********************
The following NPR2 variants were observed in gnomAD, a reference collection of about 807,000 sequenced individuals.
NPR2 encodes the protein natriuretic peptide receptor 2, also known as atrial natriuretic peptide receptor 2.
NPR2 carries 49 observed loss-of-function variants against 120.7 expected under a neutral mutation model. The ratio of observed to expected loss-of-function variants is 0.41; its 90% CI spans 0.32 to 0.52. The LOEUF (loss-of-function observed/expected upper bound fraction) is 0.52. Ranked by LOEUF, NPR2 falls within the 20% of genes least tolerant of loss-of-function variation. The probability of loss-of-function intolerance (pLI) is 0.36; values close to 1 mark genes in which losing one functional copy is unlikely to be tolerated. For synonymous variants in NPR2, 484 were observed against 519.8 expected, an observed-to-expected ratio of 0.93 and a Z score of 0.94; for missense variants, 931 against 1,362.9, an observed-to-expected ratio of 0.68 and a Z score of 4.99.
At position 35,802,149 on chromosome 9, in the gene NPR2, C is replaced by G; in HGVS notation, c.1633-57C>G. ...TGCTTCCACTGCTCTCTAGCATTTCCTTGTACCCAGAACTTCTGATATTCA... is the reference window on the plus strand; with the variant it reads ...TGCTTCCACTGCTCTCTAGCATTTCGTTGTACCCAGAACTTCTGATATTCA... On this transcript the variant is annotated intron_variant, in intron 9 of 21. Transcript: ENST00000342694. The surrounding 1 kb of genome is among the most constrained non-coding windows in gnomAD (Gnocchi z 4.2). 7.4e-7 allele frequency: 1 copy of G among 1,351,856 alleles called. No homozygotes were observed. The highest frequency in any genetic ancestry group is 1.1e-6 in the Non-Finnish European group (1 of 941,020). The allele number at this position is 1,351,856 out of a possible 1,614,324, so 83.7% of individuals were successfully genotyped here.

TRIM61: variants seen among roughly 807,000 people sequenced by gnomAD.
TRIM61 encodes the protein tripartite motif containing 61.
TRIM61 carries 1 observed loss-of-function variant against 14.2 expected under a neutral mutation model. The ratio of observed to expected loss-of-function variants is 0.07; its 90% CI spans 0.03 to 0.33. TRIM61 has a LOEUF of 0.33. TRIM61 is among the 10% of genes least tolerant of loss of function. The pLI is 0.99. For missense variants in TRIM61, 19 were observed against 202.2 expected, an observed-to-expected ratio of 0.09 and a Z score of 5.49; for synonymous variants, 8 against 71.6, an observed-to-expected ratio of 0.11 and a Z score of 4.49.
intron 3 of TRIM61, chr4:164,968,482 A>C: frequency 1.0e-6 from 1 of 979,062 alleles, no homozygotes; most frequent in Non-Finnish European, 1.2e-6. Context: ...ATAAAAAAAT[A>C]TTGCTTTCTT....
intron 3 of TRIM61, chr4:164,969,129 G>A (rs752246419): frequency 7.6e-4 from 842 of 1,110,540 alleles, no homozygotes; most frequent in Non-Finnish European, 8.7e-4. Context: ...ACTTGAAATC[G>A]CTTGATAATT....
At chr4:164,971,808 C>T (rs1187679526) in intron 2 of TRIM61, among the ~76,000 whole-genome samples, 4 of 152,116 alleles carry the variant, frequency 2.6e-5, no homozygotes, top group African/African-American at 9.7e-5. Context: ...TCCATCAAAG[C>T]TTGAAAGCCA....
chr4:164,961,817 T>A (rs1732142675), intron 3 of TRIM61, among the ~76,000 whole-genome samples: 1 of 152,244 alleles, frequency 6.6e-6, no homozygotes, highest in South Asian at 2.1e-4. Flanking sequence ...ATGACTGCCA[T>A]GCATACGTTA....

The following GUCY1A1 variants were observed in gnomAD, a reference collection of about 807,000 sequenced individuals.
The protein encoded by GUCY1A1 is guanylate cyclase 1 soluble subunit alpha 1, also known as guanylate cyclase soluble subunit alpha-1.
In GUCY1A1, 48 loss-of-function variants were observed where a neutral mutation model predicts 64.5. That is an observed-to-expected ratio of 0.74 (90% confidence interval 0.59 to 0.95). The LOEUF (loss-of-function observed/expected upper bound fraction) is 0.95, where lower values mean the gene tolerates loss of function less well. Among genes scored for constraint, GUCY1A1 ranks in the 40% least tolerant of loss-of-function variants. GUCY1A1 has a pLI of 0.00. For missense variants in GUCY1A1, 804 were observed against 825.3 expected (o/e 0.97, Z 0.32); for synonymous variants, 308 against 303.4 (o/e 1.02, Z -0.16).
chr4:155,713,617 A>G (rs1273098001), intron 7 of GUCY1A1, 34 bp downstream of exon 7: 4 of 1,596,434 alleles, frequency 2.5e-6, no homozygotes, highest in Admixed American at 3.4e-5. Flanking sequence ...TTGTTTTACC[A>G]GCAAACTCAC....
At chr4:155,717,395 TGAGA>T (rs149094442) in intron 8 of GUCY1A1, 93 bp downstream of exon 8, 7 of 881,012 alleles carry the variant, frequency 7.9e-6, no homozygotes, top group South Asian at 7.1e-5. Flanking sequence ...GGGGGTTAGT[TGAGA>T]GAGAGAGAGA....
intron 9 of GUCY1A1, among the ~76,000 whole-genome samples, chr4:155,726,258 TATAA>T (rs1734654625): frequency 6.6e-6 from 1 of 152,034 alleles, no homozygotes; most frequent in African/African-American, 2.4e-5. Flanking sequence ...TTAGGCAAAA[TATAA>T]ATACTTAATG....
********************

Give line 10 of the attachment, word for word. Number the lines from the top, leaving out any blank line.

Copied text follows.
At chr4:164,971,808 C>T (rs1187679526) in intron 2 of TRIM61, among the ~76,000 whole-genome samples, 4 of 152,116 alleles carry the variant, frequency 2.6e-5, no homozygotes, top group African/African-American at 9.7e-5. Context: ...TCCATCAAAG[C>T]TTGAAAGCCA....